Taika Waititi's Thor: Love and Thunder was the latest movie to be added to the interconnected Marvel Cinematic Universe. The film featured Chris Hemsworth returning as Thor to take on Christian Bale's Gorr the God Butcher, who was trying to enact his revenge on all of the gods after the death of his daughter. Love and Thunder also saw the return of a character that made her debut over a decade ago in 2011's Thor - Natalie Portman's Jane Foster.
After not seeing each other for eight years, seven months, and six days, the God of Thunder and Jane were reunited. However, to Thor's surprise, Jane was now wielding a repaired Mjolnir and was known as the Mighty Thor.
Due to Jane being regarded as a superhero after wielding Mjolnir, she had her own suit of armor that looked similar to Thor's. However, fans quickly noticed that the helmet appeared to be fully CGI, and criticisms of the decision came fast. Now that Love and Thunder has its own behind-the-scenes documentary on Disney+, the producers have explained why they made that decision.
The Reason Behind Jane Foster's CGI Helmet
Thor: Love and Thunder was released on Disney+ as part of Disney+ Day. An episode of Marvel Studios: Assembled was also dropped on the streaming service to accompany the film, offering insight into the filming process and featuring behind-the-scenes looks at the movie.
In the documentary, Love and Thunder producer Brad Winderbaum talked about the decision to make Jane Foster's Mighty Thor helmet fully CGI. This is a choice that some fans criticized, but the producer stated that adding the helmet later "help(ed) (them) from a performance standpoint." He also added that the helmets are "not always the most comfortable things" to wear and that they can even affect the actor's performance sometimes:
"Those helmets are really well-designed, but they’re not always the most comfortable things in the world. Sometimes they’re heavy, they change your posture. But if you can eliminate all of that and have a VFX artist put it in later, then that’s what you do. Our CG artists have gotten so great at creating reflective surfaces like the helmet, that it actually helps us from a performance standpoint."
Costume designer Mayes C. Rubeo also talked about the ideas for the helmet, saying that it was inspired by "old comic books" so it could have a "vintage feeling" to it. She added that they "didn't want to hide too much of (Portman's) eyes and her features:"
"The helmet that we have, we went back to the old comic books and got that vintage feeling for it. And we adapted to the beautiful face of Natalie Portman, but we didn’t want to hide too much of her eyes and her features. It’s very easy not to lose her because she’s unique."
Even though a fully CGI helmet helped the crew members and the actors, some fans were disappointed with how it looked in the final cut.
Twitter user @keonm27 expressed that "physical sets and costumes are so much better," and also mentioned how Black Bolt had a CGI helmet in Doctor Strange in the Multiverse of Madness:
"The issue isn’t that the CGI marvel uses for absolutely everything is bad, it’s that physical sets and costumes are so much better?? Like why does Jane Foster need a completely CG helmet? Why did black bolt’s suit need to be all CGI? They’re just overworking their digital artists"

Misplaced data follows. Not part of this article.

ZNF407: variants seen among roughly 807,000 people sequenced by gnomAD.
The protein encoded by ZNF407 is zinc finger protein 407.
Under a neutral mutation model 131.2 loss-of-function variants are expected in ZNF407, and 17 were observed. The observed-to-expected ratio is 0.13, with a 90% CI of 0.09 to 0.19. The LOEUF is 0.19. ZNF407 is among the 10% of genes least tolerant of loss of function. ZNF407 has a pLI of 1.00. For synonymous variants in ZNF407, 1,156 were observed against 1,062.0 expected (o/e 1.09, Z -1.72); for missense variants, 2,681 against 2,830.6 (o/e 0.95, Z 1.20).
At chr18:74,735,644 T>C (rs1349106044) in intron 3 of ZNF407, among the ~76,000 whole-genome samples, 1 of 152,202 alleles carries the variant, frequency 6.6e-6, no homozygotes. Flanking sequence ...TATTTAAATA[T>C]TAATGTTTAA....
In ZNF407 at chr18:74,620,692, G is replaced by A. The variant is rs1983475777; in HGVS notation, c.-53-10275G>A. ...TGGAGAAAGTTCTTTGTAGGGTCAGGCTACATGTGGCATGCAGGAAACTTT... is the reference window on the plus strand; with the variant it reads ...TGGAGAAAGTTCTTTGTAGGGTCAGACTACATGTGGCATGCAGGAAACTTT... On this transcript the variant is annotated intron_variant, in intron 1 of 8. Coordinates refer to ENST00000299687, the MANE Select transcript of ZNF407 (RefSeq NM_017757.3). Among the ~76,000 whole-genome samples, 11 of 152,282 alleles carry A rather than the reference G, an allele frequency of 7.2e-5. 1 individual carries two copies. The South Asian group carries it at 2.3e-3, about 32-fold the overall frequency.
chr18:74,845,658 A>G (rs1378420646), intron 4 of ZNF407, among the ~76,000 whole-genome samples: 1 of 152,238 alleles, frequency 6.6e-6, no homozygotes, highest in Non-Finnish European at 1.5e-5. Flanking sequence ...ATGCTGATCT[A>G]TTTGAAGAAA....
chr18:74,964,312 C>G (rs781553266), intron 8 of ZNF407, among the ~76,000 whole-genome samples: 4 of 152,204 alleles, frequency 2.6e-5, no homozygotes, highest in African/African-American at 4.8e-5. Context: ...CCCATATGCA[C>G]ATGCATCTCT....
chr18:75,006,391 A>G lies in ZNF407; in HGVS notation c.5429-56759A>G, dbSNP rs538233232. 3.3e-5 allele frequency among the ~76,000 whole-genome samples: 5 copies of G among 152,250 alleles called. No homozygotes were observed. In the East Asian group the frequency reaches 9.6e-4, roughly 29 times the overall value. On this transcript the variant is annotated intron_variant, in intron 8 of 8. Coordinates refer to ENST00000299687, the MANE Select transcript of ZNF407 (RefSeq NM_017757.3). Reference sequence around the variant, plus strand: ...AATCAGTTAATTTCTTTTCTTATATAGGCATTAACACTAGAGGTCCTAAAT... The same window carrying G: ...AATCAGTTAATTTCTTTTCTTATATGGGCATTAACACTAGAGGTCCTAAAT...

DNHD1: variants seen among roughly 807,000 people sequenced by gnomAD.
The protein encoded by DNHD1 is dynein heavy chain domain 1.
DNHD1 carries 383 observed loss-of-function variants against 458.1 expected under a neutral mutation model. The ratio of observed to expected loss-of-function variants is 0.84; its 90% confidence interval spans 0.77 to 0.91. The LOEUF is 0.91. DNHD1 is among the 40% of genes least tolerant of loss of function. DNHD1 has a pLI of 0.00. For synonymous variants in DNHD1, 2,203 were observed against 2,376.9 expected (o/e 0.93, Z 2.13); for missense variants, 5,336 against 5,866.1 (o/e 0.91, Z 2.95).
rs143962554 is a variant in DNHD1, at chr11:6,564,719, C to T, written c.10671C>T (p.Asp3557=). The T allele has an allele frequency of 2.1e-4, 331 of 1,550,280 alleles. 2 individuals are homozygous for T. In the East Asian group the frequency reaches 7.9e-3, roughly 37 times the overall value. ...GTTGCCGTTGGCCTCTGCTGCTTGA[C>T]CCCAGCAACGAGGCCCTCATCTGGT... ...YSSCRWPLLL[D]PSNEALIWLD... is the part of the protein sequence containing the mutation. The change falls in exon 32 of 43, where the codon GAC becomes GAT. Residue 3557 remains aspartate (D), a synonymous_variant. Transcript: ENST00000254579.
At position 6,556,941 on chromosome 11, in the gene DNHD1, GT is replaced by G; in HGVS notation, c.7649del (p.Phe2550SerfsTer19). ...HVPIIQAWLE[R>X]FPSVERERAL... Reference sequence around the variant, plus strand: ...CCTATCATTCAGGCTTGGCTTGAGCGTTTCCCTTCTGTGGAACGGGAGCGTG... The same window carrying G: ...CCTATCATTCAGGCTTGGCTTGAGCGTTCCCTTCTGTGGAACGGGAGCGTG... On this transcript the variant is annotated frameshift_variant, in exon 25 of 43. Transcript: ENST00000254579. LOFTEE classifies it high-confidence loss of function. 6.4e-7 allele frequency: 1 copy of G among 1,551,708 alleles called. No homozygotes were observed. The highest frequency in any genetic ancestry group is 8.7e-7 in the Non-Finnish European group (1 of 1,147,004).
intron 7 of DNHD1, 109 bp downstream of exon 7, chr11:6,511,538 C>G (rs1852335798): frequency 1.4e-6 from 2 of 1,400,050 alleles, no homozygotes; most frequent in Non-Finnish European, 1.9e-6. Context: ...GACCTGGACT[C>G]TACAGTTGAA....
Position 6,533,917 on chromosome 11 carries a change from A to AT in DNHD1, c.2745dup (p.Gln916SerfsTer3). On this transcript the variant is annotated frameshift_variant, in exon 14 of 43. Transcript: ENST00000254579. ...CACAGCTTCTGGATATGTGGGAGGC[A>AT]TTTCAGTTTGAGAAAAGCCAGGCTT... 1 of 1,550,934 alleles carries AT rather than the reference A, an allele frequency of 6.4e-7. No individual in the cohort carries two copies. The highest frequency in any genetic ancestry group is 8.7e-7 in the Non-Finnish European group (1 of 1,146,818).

@leekassen also took to Twitter to say "Jane Foster's helmet looks like a fucking Snapchat filter."
Black Bolt was brought up again along with the question of why Portman couldn't wear a real helmet by @Mezer0 via Twitter, who also added that the helmet "looks distractingly bad:"
"CGI on Jane Foster's Helmet in the Thor 4 trailer looks distractingly bad, why can't they just get Natalie Portman to wear the helmet. It was the same for a certain character in Doctor Strange 2, they wore a full face mask but it was CG'd on top and was noticeably distracting."
Twitter user @SamDev93 also expressed disappointment, saying "Jane Foster with the helmet looks so fake."
Should Jane Foster's Helmet Have Been Practical?
If someone were to ask a filmmaker or a costume designer whether a practical or a fully CGI costume looks better, they would probably say practical at least 90% of the time. Obviously, if it can be created with real materials then it is going to look more realistic than something generated from a computer.
As long as the CGI doesn't distract the viewer from the film itself, then there is really no reason to not use it if it's needed. Most filmmakers and actors would probably sacrifice something like a helmet looking 100% real if it meant the actor's performance was better.
The same concept is applied to Spider-Man; not just the mask, but the entire suit is CGI. If Tom Holland were to have a mask on that he couldn't see out of, it would definitely affect his performance. Also, the other cast members have to be taken into account, too. It is probably much easier to get into character and act if someone is looking at their co-star's face rather than a helmet or a mask.
In any circumstance, CGI can always look better. At some point in the future, it can probably be perfected to look absolutely flawless. With the limitations that VFX artists still have due to COVID-19 and the fact that they are constantly working extremely hard and trying to meet deadlines, it isn't going to be perfect, but they are going to do the best they can. If an actor's performance is going to change because of a costume, it would probably be best to go the CGI route and make the story of the project as good as it can be.
Thor: Love and Thunder is now available to stream on Disney+.